Hemispheric asymmetry of surface temperature anomalies
Article first published online: 7 DEC 2012
Copyright 1997 by the American Geophysical Union.
Geophysical Research Letters
Volume 24, Issue 22, pages 2821–2823, 15 November 1997
How to Cite
- Issue published online: 7 DEC 2012
- Article first published online: 7 DEC 2012
- Manuscript Accepted: 17 SEP 1997
- Manuscript Received: 17 JAN 1997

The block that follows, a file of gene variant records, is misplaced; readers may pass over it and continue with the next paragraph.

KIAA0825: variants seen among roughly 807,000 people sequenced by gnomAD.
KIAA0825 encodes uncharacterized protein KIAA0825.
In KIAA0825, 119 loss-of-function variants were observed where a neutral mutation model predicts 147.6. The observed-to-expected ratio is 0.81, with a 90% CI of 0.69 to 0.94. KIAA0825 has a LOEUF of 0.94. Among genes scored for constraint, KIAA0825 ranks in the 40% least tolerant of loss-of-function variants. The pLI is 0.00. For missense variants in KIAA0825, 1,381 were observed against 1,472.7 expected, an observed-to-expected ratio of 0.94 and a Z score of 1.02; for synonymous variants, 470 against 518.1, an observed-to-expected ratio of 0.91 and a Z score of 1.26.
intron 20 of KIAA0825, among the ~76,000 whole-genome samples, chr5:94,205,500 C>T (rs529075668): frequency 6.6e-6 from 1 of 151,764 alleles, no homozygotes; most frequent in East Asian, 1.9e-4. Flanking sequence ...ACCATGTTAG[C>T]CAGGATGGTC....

In recent months there has been some controversy concerning the possible effect of suspended sulfate aerosols on warming trends predicted to occur in response to steadily increasing greenhouse gas concentrations in the troposphere. Evidence in the recent literature both supporting and doubting the theory that aerosols have suppressed warming in the Northern Hemisphere more than in the Southern Hemisphere has relied on analyses of radiosonde observations covering various periods between 1958 and 1995. In this letter the UK Met Office/University of East Anglia Climatic Research Unit (Parker/Jones) data sets of mean surface temperature anomalies over land and sea for the past 140 years serve as an independent data base to test earlier reported results obtained from radiosonde observations. The results suggest that there is no evidence of any systematic differences in temperature trends between the two hemispheres.